Erin Patrice O?Brien
By the time Tiffanie Huntley arrived at her son Bryan's school, the police were already there. She remembers how tiny and bewildered the 5-year-old looked sitting in a big chair surrounded by grown-ups.
The suburban Denver mom of six had gotten a phone call that morning from the principal saying that she and her husband, Kent, needed to come quickly: Their kindergartner had brought a weapon to school.
"A what?" Huntley thought to herself. "That's not possible."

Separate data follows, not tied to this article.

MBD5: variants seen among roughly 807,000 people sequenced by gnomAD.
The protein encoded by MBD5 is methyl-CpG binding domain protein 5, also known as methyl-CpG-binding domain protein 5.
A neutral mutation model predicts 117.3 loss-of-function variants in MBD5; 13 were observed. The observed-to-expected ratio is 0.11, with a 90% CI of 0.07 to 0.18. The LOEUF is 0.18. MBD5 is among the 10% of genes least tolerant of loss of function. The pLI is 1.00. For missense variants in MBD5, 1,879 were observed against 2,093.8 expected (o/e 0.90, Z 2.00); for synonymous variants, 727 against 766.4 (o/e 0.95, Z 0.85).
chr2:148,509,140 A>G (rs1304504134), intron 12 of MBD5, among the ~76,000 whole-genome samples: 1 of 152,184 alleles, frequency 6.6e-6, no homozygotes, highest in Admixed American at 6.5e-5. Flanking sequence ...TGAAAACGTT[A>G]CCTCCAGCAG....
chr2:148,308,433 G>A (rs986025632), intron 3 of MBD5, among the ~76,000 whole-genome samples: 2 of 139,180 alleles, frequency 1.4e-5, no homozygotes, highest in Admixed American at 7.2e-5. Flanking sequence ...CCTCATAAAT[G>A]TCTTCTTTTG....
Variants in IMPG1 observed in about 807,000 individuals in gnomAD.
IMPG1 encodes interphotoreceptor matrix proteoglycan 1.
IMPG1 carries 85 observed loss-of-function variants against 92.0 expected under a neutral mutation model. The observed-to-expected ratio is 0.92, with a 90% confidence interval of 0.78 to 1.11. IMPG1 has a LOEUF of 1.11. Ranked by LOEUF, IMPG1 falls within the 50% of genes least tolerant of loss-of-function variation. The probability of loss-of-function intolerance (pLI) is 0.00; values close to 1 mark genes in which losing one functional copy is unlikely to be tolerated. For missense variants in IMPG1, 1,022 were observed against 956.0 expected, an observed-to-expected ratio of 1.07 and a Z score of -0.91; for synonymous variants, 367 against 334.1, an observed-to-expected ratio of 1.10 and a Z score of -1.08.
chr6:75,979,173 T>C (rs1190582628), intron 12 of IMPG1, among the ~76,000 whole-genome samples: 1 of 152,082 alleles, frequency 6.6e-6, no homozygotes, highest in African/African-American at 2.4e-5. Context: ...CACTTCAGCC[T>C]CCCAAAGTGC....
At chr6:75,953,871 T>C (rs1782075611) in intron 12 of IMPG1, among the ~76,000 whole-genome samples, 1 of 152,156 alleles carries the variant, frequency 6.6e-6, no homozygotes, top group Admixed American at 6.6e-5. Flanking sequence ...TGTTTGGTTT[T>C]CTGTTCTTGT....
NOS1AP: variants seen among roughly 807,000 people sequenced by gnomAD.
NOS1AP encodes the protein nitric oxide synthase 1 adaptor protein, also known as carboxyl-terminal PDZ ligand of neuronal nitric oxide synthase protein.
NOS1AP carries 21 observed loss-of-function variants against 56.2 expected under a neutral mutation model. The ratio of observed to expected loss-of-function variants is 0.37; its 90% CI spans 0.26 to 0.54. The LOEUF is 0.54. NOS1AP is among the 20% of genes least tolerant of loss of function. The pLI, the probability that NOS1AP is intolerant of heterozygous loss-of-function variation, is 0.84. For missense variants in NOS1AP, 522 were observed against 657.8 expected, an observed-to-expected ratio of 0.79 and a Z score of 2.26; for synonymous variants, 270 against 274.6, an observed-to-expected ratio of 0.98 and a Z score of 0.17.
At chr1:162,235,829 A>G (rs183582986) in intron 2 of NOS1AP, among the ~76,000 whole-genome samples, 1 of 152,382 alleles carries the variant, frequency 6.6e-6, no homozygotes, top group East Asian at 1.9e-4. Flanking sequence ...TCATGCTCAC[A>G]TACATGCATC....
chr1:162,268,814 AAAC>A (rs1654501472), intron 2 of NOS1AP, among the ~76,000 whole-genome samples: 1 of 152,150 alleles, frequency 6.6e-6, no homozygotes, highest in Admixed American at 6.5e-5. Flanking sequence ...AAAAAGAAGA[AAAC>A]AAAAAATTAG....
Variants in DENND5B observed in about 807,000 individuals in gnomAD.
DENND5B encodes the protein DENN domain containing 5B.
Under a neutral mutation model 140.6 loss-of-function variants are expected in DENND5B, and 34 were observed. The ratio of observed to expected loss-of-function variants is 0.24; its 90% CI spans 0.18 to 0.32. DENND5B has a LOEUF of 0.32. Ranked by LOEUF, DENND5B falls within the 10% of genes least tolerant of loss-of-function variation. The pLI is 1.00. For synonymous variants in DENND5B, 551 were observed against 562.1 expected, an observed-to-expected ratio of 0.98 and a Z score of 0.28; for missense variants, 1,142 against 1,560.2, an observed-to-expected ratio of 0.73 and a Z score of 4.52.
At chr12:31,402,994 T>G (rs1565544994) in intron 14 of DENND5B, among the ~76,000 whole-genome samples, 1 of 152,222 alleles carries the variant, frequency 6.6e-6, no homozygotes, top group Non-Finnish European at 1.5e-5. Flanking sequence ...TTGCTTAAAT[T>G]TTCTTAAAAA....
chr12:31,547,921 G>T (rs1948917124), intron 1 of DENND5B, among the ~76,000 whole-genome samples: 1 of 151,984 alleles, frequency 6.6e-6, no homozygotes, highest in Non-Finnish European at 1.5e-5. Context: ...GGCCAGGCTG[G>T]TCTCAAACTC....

But it was true -- sort of. Bryan had found a mini Swiss Army knife in the family's camping gear and tucked it into his front pocket. His fingers weren't even strong enough to pry open the 1-inch blade. But when he showed the knife to some friends at Vanderhoof Elementary, a teacher spotted it and whisked him to the principal, Tria Dassler, who then phoned the police. When Bryan's parents asked Dassler why such a drastic step had been necessary, she explained that it was a requirement. (Lynn Setzer, a spokeswoman for the Jefferson County school district, confirmed that Dassler had correctly followed the district's policy, which mandates that police must be contacted for any weapons possession, regardless of a child's age or the circumstances). Huntley says the principal suspended Bryan for the rest of the day and suggested he should have known better. "But he didn't know better," she says, still tearful at the memory three years later. "He was 5."